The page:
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Speech By DPM Tharman Shanmugaratnam, Deputy Prime Minister and Chairman, SINDA at SINDA's 20TH Anniversary Dinner

23 Nov 2011

President of the Republic of Singapore, and Mrs Mary Tan,

Former President Mr S R Nathan & Mrs Nathan,

Prof S Jayakumar, Former Chairman, SINDA

SINDA Board of Trustees,

Members of SINDA Executive Committee

Founding Members, Donors, Volunteers, Community Leaders,

Ladies and Gentlemen.

1. It gives me great pleasure to welcome the President and all our distinguished guests to SINDA's 20th Anniversary Dinner. Tonight we pay tribute to the many individuals who have worked with SINDA, and contributed to uplifting the Indian community and adding to Singapore&'s progress. We also commit ourselves to fresh efforts to take us forward.

2. The last twenty years, for all their ups and downs, have seen things transformed for the better.  Whether in our schools, in jobs or in the quality of homes and neighbourhoods, most Singaporeans are now better off.

3. Indian Singaporeans have shared in and contributed to this national progress. Importantly too, we have reduced the gaps in educational achievement between Indians and the national average. There is still some way to go to achieve parity between Indian students and the national average especially in Mathematics, but we have made headway in closing the gaps that we started with. SINDA and its partners have contributed to the advance, by reaching out to those who need an extra hand and complementing the work of our schools.

4. There is another, less noticed dimension in what we have achieved together. The local Indian community is now more cohesive than it was in earlier decades. There are stronger links and interactions between the various sub-ethnic groups that have long made up the diverse Indian Singaporean community. It is now much more commonplace for the business and professional elite to involve themselves in the problems of those lower down the social ladder. The philanthropic urge too is stronger.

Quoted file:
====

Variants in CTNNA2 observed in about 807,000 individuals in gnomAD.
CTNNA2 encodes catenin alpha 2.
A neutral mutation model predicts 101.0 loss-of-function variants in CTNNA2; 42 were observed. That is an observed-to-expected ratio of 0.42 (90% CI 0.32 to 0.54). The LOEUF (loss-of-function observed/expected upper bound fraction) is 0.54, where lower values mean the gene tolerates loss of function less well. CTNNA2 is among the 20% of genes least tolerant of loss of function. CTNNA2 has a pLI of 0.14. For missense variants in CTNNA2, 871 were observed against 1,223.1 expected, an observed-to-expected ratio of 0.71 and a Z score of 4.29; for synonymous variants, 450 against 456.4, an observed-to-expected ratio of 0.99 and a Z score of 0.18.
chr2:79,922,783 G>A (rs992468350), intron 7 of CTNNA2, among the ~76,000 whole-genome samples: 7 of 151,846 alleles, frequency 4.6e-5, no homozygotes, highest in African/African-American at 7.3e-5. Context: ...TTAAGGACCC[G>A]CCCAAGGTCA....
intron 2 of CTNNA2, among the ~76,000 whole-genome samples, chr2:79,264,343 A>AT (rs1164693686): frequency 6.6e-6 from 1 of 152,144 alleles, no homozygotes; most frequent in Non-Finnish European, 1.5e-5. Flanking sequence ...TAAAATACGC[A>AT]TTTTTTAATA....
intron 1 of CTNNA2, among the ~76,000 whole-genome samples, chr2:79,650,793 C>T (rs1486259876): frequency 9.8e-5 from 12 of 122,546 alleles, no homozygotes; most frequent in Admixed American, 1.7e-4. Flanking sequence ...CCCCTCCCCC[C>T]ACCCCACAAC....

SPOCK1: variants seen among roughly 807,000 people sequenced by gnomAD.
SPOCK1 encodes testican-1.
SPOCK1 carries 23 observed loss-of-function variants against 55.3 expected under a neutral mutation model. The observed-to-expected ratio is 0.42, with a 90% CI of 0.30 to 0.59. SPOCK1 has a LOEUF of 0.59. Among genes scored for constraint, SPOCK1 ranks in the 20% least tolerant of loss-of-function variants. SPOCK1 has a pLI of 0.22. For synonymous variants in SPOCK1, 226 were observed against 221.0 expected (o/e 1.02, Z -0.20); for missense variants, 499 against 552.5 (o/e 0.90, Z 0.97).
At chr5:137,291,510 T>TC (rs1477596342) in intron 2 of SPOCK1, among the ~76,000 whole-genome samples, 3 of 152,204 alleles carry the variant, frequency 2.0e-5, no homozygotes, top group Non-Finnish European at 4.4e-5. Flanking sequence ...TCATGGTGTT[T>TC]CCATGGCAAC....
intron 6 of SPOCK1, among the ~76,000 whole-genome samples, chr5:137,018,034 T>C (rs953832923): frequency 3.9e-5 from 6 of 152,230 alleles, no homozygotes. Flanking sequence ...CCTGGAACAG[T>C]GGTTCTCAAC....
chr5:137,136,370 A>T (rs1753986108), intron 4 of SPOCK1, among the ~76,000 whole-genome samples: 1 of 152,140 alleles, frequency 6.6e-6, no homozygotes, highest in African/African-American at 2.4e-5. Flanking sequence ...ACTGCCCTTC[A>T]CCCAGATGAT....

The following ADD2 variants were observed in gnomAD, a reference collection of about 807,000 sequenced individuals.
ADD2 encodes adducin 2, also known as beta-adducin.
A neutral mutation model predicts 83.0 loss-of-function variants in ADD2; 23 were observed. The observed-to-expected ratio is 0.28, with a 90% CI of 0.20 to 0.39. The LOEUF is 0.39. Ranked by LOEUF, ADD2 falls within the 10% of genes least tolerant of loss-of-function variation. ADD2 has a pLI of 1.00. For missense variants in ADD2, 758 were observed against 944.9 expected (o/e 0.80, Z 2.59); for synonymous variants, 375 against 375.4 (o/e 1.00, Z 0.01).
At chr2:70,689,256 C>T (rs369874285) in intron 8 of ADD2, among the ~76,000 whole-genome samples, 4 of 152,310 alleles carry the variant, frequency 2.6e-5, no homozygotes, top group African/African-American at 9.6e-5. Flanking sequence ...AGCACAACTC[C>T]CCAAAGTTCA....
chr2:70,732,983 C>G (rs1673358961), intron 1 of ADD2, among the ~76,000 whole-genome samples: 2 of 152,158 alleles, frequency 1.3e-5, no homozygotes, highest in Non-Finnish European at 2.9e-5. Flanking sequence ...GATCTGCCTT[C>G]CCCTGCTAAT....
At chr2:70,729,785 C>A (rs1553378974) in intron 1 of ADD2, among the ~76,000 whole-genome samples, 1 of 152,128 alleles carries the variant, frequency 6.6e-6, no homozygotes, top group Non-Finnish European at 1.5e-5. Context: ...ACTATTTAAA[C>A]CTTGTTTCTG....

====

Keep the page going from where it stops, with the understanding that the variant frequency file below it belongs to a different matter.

5. SINDA and our many community bodies have worked together to promote these bonds. There is more goodwill and sense of affinity within the community, even as Indians have remained thoroughly open to the other communities and Singaporean at heart. We must build on this goodwill and openness of mind in the coming years, especially as we encourage our newer citizens to integrate fully in the community.

6. We need the full strengths of the community, with all its talents and civic energy, to make further progress.

7. The climb is now more difficult. Beyond the early gains in Indian educational performance, it becomes more challenging to close the remaining gaps against the national averages. Further, national achievement levels too have risen.

8. There also remain long-standing shortfalls in aspiration within a significant segment of the community, even as we have seen more Indians from all social backgrounds aim higher, move up and give their families pride.

9. Moving ahead therefore requires fresh thinking and approaches, and working better at existing strategies where they remain relevant. This is why SIND's Board of Trustees set up a SINDA 2020 Review Committee last year, led by Dr N Varaprasad, to do a comprehensive stock-take and to develop strategies into the future for SINDA and the Indian community.

10. The Review Committee consulted widely, with community leaders, teachers, students and parents, before drawing their conclusions. Their report was released today ('SINDA 2020: the New Momentum'), and offers significant insights and practical paths forward for our next decade.

11. The Committee's specific recommendations are varied, including a targeted and systematic approach to redressing problems in Mathematics, and intensified engagement with parents of students who are not achieving their potential.